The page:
Gosh, time flies. Three years ago I was deep in writing The Buddhas of Bamiyan. I’d reached my favourite part of it, the nineteenth century, when a motley bunch of spies, prisoners, missionaries and dreamers brought the giant Afghan buddhas to the attention of the European public for the first time.
It’s a close call, but for me the most charismatic and interesting of all these visitors to Afghanistan was Lady Sale, a tough, opinionated military wife taken to Bamiyan along with her widowed daughter and baby granddaughter as a prisoner of the Afghans in 1842: I’ve blogged here and here about Florentia Sale, her granddaughter, and the enormous celebrity she enjoyed as a result of her captivity. For a period in 1842-4 Lady Sale was the second-most-famous woman in the British Empire, and when her diary of her time in Afghanistan was published in 1843, A Journal of the Disasters in Affghanistan, 1841-2 was a bestseller.
Lady Sale encapsulated a lot about the Western encounter with Afghanistan in the nineteenth century. But back in 2011 there was a detail about her I’d seen but ignored, because I didn’t appreciate its significance. In Punch (1845, p.236) a humorous review of the annual exhibition of paintings at the Royal Academy mentioned “No. 33”, “A Portrait of Lady Sale, with whom we had become familiar at ASTLEY’S.” The portrait in question is presumably this one in the Somerset Military Museum in Taunton: it forms a pair with another, by the same artist, of her husband Maj.-Gen. Sir Robert Henry Sale. Astley’s, I knew, was a circus in London, but that was really all I knew.
It was at this moment that I found myself being dragged, not entirely willingly, to a circus performance in a muddy field one Friday evening. It was Gifford’s, and the best night’s entertainment I’d ever had, a “traditional” circus taking its lead from early circuses like Astley’s. Inspired, I did enough reading to establish that, if somebody’s portrait was being exhibited at the Royal Academy Summer Exhibition and that person was also being featured in an Astley’s production, well, they really were a phenomenon. Lady Sale was the toast of the toffs in their salons at one end of Victorian society, and a 24-carat British heroine in the eyes of the very different demographic of the Astley’s audience: Marius Kwint, a scholar of the early circus, describes the “plebeian elite” of “artisans, governesses and small tradespeople” whose domain was Astley’s Amphitheatre (Past & Present 2, p.109).
So Astley’s circus got a sentence in my book. This year, though, my involvement with the circus reached a whole new level. Well, not really, but I did find myself in a rather giggly, star-struck state at Gifford’s HQ discussing circus-friendly classical myths, and how flexible Greco-Roman myth could be (answer: as flexible as you like). Last week the Morgan family went to see the finished product, Gifford’s funny, thrilling and also very beautiful show The Thunders, and I took away a programme containing something like my name for the scrapbook. To cut a long story short, there’s nothing like having a role in a circus production, albeit a vanishingly small one, to reawaken interest in the subject. As I watched the 2014 Gifford’s Circus, my mind turned back to Lady Sale. I needed to find out what Astley’s had made of the heroine of the hour in 1843.
Our most detailed information about this show is in Punch again (Punch felt a strong affinity for circus, and it’s not too hard to see why). I’ll get to that account soon, but some background first. Lady Sale had been taken prisoner by the Afghan leader Akbar Khan in the course of a massacre of British forces retreating from Kabul, during the First Afghan War in early 1842. She and her fellow prisoners, including a daughter widowed in the retreat, and a baby girl born to her daughter in captivity, were finally rescued near Bamiyan in September 1842, but by that time “the Cabul Prisoners” had become a cause célèbre that has been compared to the US Embassy hostages in Tehran in 1979-81, their situation tracked minutely by newspapers, and sometimes illustrated by letters smuggled out from the captives themselves. In the plight of the prisoners the British public seemed to invest its profound anxiety about the Afghan campaign, culminating as it had done in one of the greatest catastrophes British forces ever suffered. When the captives were rescued, in turn, it was felt as a surrogate victory, and the family, Maj.-Gen. and Lady Sale, their daughter Alexandrina Sturt and granddaughter Julia, toured Britain amid great excitement in 1844.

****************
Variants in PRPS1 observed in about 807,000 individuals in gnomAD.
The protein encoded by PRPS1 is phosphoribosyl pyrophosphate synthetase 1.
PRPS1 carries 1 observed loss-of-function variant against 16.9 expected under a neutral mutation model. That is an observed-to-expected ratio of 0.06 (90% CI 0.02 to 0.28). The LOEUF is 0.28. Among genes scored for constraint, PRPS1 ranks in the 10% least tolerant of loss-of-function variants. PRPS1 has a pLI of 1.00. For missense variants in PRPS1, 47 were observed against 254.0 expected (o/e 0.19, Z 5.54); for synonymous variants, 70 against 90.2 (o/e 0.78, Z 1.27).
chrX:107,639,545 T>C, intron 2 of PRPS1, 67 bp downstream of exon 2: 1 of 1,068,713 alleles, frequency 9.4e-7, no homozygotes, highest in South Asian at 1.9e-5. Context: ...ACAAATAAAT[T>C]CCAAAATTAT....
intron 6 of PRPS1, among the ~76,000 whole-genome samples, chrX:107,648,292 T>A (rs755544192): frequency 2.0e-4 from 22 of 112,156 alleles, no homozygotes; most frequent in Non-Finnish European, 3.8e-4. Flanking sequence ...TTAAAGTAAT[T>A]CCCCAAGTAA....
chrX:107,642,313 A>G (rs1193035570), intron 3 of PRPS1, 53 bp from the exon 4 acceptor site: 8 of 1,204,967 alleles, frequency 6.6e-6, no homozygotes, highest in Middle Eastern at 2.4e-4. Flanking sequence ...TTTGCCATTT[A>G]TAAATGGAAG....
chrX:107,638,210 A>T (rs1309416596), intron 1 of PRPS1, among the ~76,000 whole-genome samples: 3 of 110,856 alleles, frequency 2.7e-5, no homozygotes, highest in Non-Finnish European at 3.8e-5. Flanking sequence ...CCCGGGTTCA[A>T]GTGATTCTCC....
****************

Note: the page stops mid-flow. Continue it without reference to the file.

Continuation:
Meanwhile Astley’s Amphitheatre, the venue of this production, was having its own problems. In 1841 it burned to the ground, the third time this had happened since Philip Astley, the father of modern circus (with an unfortunate penchant for wooden construction), first established it beside Westminster Bridge in 1769. (For an interesting history of the building, see here.) On Easter Monday, April 17, 1843, Astley’s reopened under new management, and with a brand-new show. A report in The Times (April 18, 1843) describes the plush new venue, including drop curtains representing “the procession of the competitors and the glorious Olympians as they progress to the Greek city”, and the show that had been chosen to inaugurate it, “a new piece entitled The Affghanistan War.” The incidents depicted in the production, although “enlivened … by a few drolleries and a little love”, would be all-too-familiar to readers of The Times, but “afforded an excellent means of displaying those equestrian performances for which Astley’s has been so long distinguished, and … received the warmest plaudits of an admiring multitude.” The leading character in the show was obviously Lady Sale, who, according to The Era (April 23, 1843), “stormed through the night with irresistible fortitude at the head of her little band of more timid fellow-captives.” Blackwood’s Lady’s Magazine (1843, p. 62) was very impressed, and indicates that the show was both spectacular and a big hit: